Experts from Better Together STL, Arch Defenders, Washington University Share Research, Insights
ST. LOUIS - At its third meeting, the community and Ferguson Commission emphatically agreed on one thing: The urgent need for reform across the region’s municipal court system.
Hundred of comments written on giant sheets of paper lined the walls of Il Monastero, as more than 200 members of the community shared their ideas on how to improve the municipal government organization and the court system.
“We urge the state to use their lawful power to stop these harmful practices now,” said Commission co-chairs Rev. Starsky Wilson and Rich McClure. “The state needs to immediately begin enforcing the law requiring a municipality to have no more than 30 percent of its revenue from fees and fines.”
Several experts provided specific information on how the area’s fractured structure disproportionately affects minorities and the poor and the urgent need for dedicated court reform.
- Commissioner and former Hazelwood mayor T.R. Carr Jr. shared research and insights on municipal government structure in St. Louis County. “There are more governments in the St. Louis region than countries in the U.N.,” Carr said. Decentralization of government and an unclear structure for sharing tax revenue all contribute to the regional fragmentation in St. Louis County.
- Thomas Harvey of Arch City Defenders spoke on how through repetitive -- and sometimes illegal -- fines and fees “preventing people from exiting poverty.” Harvey urges a more equitable court system with set fine and fees, different payment plans and options, and impactful community service opportunities.
- Professor Mae Quinn of Washington University, who has practiced law across the country, described how the penalty-laden municipal court system in this region leads to widespread due process violation, hostile retaliation and “unequal and inhumane practices” that affect the lives of youth – especially in predominately minority communities. Quinn suggested municipalities issue amnesty to youths with warrants and a total overhaul of the municipality structure by civil infractions not being criminalized, or by public defenders being used in the municipal system.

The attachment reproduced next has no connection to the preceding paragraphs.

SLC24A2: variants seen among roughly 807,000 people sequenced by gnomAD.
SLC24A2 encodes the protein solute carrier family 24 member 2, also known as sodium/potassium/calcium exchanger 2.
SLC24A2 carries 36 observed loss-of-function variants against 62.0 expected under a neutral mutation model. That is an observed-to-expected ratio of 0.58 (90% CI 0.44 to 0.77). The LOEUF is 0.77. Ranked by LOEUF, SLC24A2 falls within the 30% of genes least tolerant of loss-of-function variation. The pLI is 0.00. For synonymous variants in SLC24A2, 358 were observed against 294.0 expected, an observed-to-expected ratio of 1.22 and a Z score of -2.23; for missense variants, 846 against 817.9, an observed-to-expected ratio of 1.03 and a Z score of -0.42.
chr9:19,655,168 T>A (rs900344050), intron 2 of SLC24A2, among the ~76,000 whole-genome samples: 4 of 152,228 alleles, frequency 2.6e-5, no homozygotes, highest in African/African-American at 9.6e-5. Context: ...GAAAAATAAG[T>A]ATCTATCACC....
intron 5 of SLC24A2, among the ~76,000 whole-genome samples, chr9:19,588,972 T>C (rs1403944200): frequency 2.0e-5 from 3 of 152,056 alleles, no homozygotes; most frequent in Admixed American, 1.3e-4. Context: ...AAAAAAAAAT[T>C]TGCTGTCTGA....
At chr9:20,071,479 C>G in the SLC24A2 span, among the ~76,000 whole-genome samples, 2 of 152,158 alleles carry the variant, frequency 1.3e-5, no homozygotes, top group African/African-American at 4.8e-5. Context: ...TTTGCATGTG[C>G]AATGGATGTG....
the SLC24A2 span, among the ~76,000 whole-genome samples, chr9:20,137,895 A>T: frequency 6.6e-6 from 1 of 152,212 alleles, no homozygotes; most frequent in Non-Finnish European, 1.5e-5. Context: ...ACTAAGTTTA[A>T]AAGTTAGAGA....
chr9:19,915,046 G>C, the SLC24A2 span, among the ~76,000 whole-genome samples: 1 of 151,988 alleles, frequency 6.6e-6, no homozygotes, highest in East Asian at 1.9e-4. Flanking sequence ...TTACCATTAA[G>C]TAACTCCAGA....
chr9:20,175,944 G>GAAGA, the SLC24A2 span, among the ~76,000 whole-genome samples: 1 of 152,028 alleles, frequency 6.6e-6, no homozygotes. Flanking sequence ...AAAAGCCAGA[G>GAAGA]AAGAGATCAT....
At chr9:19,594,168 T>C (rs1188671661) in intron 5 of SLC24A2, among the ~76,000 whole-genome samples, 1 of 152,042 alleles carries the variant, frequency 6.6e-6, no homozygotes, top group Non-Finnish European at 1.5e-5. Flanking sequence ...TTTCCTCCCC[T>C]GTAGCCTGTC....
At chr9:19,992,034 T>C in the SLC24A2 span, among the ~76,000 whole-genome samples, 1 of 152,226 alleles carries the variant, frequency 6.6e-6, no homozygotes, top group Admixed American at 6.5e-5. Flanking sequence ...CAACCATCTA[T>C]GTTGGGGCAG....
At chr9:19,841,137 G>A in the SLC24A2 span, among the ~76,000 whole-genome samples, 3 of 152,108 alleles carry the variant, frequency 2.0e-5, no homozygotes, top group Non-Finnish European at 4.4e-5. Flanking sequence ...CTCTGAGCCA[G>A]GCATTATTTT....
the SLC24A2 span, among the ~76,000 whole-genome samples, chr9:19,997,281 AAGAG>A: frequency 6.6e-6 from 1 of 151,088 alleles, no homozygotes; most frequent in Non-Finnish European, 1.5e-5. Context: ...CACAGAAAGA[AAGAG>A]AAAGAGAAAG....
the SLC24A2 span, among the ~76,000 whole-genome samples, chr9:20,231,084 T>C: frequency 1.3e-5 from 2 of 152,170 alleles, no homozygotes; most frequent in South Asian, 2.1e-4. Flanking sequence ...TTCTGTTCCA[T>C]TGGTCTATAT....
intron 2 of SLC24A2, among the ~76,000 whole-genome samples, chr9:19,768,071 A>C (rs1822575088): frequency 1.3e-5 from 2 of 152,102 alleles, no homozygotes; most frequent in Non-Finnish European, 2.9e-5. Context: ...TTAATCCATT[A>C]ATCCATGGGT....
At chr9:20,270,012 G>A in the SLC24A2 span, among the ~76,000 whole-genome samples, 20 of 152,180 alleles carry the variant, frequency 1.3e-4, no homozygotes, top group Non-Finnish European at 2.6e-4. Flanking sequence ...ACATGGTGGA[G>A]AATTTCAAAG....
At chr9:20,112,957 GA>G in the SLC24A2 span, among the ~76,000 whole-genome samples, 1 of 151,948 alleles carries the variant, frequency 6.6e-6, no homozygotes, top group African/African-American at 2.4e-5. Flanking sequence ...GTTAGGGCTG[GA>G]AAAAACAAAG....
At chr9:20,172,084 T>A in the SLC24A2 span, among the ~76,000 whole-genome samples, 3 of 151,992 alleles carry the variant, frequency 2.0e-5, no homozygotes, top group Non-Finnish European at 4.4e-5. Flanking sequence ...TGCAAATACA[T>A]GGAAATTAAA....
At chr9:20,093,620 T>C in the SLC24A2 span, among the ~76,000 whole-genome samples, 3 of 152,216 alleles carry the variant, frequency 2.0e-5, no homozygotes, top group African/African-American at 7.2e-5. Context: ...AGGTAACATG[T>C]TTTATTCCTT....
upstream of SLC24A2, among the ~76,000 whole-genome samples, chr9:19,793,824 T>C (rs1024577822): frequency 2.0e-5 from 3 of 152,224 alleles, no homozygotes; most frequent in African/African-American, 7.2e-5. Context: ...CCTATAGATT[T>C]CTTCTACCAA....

- David Leipholtz of Better Together St. Louis shared research from a study by the organization. Despite being home to only 22 percent of Missourians, municipal courts in the region accounted for 46 percent of all fines and fees statewide. His organization believes lack of oversights in municipal court and the reliance of revenue from fines and fees, along with procedural issues, create a lack of trust in municipal court system.
“Based on our understanding of these issues, it is imperative we renew our call to public officials to make important changes to move our region forward. Our charge isn’t just recommendation, but action,” said Wilson and McClure.
On Tuesday, Dec. 16, Commissioner and Missouri Director of Public Safety Dan Isom II hosted the first meeting of the Working Group on Community Policing, Racial Profiling and Use of Force. The meeting was held at 8 a.m. at the University of Missouri-St. Louis Department of Criminology & Criminal Justice, 1 University Blvd., 324 Lucas Hall, St. Louis 63121.
The Commission is an empowered, independent and diverse group that is studying the underlying social and economic conditions underscored by unrest in the wake of the death of Michael Brown. Members include: co-chairs Rev. Starsky Wilson and Rich McClure, Kevin Ahlbrand, Rasheen Aldridge, Jr., the Rev. Traci Blackmon, T.R. Carr, Gabriel E. Gore Jr., Dan Isom II, Becky James-Hatter, Bethany Johnson-Javois, Scott Negwer, Brittany Packnett, Felicia Pulliam, Patrick Sly, Grayling Tobias and Rose Windmiller.
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